np as our's is breaking up ; for, like our's, it is founded on the principle of work- ing the many for the good of the few. Men of sense, like CA VAIGNAC, laugh at the idea of conspiracy. Why conspire, when time will do the thing better?
It is an idea popular with the adherents of the Opposition, that the Allies will look on till the order of things established in 1831 is lost in universal disorder, and will then seek, by favour of the general distraction, to impose a third resto- ration. Maccurat concluded his last speech on foreign affairs with this pro- phetic denunciation. If the Toryism of the Continent be indeed so waiting, rusticus expectat ; but if it is meditating an overt act of counter-revolution, it may succeed in upsetting the juste milieu, but it will only make way for the Propagande, which it will like less.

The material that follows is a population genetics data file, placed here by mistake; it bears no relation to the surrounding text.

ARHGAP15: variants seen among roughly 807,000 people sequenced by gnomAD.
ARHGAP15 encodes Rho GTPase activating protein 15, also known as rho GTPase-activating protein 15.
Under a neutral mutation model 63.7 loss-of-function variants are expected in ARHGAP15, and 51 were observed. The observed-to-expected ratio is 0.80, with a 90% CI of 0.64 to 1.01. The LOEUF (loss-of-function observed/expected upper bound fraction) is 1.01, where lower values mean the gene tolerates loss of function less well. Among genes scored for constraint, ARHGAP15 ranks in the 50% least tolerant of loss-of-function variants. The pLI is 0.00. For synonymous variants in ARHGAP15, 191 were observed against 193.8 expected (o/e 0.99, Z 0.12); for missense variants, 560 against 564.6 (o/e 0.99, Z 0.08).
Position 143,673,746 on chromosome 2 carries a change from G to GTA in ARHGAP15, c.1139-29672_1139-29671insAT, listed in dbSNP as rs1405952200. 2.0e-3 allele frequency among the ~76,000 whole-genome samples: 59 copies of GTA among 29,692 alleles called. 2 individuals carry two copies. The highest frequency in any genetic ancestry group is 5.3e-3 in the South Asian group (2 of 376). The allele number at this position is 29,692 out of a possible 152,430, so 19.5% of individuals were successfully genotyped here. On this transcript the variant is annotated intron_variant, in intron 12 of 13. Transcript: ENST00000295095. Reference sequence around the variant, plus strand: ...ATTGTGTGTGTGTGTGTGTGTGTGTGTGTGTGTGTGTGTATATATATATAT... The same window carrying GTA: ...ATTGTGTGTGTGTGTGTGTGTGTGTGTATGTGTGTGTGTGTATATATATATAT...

Of all events unfavourable to the peace of France and the Continent, the re- turn of our old Tories to power would be the most fatal. They are precisely in the condition of the Propagandists; war is necessary to them. It is currently said here, that the Holies are waiting the issue of the Reform Bill, to decide upon their measures. The old Tories are deep in the policy by which a given country may be exasperated into acts of offence. Their diplomacy, execrated in this country for its heartlessness—and the Whigs are in not much better repute—is feared for its activity and perseverance. An Orange revolution will be attempted in Belgium, not for the sake of Holland, but to draw out France. There will be battles and sieges in Flanders, and on the Rhine; the Holies will be beaten, as is to be hoped ; and then the old Tories will come down to Parliament with the old story of French ambition, and the old Times will swell the cry; and a demand will be made for subsidies, and Country Gentlemen will pledge their lives and fortunes, and it will be a hanging matter to talk of Retrenchment and Reform. It may be thought that there is not a spirit of madness in this inveterately cankered as it is, to work so soon again a repetition of the old mis- chief. Read the Quarterly Review—read Su R. VYVYAN, and the 111e—read the old Times; and remember that it is not the Devil alone we have to keep down. The old NapoMon spirit will gain head with every advance of the Tories; and the last will not have been long in power, before Bonapartism will be up in arms, from Dunkirk to the Pyrenees. It is easy to see that the Propagandists here do not desire the success of the Rifinm Rill. They want the Tories back, as much as the Tories want them. Each is necessary to its antagonist. You cannot have one without the other ; and you will not have one unless you have the other. The Reform Bill, as it may tend to a correction of the evils under which our land of promise is in grievous plight, will be a benefit to the country, but the good will be confined to two islands in the Atlantic Ocean. But as it will certainly shut the door of office on Toryism for ever, at least if the ilrhigs are not fooled into modifying it so as to suit their adversaries, it may preserve the peace of the Continent and he a bkasing to Europe. It is Carnival here; and I intended, when I sat down, to write befitting, the season, but politics are obtrusive in this age, and will be attended to first.